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Async tracing and Scopes

Another concept unique to the Node.js integration is the concept of Scopes, which allow Spans to be recalled across ansychronous code paths that may not be linked to each other by being on the same direct code path.

As mentioned in the Span documentation, the current active Span can be recalled by calling tracer.currentSpan() in order to add data to it or create ChildSpans from it.

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const span = tracer.currentSpan()

Before it can be recalled again, the Span must be given a Scope. A Scope is a wrapper for a Span that allows it to be recalled across ansychronous code paths that may not directly be directly linked to each other (in an EventEmitter or a timer, for example, or even in a completely different file or function scope). This wrapper is invisible to you and is managed internally via the the Tracer objects ScopeManager and the internal async_hooks module. These Scopes are stored in a stack, meaning that the most recent Span to be given a scope will be the next Span returned by tracer.currentSpan().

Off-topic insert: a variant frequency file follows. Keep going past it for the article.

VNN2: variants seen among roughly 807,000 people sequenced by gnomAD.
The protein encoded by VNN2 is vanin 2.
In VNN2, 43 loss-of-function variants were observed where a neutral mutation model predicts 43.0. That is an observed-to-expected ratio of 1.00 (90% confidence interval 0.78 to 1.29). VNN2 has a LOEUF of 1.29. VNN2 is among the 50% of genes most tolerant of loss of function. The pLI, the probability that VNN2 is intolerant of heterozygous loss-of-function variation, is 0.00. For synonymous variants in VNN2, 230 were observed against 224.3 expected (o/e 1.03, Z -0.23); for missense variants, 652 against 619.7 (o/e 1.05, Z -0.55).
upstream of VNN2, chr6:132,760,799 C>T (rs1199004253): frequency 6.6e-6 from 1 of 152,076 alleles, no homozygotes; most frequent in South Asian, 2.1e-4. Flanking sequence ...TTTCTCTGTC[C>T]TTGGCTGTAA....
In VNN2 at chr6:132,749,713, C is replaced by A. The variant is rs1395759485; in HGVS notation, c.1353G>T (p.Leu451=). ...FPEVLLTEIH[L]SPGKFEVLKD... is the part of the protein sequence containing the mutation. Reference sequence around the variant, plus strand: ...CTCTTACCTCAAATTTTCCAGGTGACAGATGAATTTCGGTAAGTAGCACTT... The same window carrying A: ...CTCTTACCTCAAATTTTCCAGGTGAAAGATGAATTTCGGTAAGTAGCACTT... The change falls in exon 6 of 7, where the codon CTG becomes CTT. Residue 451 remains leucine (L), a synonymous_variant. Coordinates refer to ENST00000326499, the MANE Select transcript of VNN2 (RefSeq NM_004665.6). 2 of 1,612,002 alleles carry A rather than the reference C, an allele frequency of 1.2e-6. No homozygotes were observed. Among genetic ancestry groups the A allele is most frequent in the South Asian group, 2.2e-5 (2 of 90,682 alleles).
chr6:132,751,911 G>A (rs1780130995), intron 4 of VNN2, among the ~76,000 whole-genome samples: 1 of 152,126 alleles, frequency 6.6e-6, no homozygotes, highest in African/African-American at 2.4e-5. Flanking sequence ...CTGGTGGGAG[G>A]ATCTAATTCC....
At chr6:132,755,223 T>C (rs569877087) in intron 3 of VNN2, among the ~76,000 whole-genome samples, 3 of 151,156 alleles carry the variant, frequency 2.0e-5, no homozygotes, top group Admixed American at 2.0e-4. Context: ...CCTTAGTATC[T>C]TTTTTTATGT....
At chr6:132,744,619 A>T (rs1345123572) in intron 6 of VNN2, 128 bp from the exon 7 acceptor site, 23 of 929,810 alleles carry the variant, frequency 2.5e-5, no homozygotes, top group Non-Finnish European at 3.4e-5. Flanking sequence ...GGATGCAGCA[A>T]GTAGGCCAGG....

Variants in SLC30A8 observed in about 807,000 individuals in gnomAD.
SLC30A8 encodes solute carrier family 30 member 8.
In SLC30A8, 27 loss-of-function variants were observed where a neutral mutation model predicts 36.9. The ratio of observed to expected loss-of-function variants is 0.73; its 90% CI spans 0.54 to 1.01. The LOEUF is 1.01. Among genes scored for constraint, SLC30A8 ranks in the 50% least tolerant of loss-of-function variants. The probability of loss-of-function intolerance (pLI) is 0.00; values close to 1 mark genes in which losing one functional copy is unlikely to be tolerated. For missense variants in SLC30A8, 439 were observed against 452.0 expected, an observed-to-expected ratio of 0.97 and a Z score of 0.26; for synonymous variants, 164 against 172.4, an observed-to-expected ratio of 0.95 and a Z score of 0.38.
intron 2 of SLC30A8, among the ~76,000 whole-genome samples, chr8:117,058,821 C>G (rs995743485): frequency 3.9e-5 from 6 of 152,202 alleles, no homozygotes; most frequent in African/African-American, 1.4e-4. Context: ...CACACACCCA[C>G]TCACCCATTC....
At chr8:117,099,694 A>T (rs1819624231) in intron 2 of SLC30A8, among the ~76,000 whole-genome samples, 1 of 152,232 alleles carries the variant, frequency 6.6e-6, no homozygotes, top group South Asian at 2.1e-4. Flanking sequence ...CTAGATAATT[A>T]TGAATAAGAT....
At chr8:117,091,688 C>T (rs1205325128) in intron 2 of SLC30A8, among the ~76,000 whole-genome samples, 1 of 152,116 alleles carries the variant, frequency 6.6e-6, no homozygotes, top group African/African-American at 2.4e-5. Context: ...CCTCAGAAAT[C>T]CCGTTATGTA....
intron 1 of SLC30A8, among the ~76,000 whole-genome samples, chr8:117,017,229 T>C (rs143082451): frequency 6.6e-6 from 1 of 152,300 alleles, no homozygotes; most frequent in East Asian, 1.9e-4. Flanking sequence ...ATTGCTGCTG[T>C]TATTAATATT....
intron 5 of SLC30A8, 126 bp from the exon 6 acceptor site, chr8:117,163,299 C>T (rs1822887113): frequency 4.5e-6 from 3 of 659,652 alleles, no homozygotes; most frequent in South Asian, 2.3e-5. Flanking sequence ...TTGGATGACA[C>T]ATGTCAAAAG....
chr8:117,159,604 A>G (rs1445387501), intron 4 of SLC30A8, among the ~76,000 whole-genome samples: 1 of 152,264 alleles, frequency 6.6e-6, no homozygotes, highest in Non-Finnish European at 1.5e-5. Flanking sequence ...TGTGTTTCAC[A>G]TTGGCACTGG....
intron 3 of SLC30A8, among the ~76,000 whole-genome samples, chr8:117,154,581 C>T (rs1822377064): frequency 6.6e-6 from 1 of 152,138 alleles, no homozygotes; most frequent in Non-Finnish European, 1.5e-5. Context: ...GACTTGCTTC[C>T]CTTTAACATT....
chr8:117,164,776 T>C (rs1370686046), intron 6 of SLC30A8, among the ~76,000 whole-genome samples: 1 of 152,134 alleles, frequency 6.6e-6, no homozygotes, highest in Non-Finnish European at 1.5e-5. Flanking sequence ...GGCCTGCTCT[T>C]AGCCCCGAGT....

A Span can be given a Scope like this:

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const tracer = appsignal.tracer()

tracer.withSpan(tracer.createSpan(), span => {
  // the `rootSpan` now has a Scope and will be the next `Span` to be returned
  // by `tracer.currentSpan()`
})

In a different file or function scope...

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const tracer = appsignal.tracer()
const rootSpan = tracer.currentSpan() // this is the same span passed to `withSpan` above!

tracer.withSpan(rootSpan.child(), span => {
  // the `ChildSpan` returned by rootSpan.child() now has a Scope and will 
  // be the next `Span` to be returned by `tracer.currentSpan()`
})

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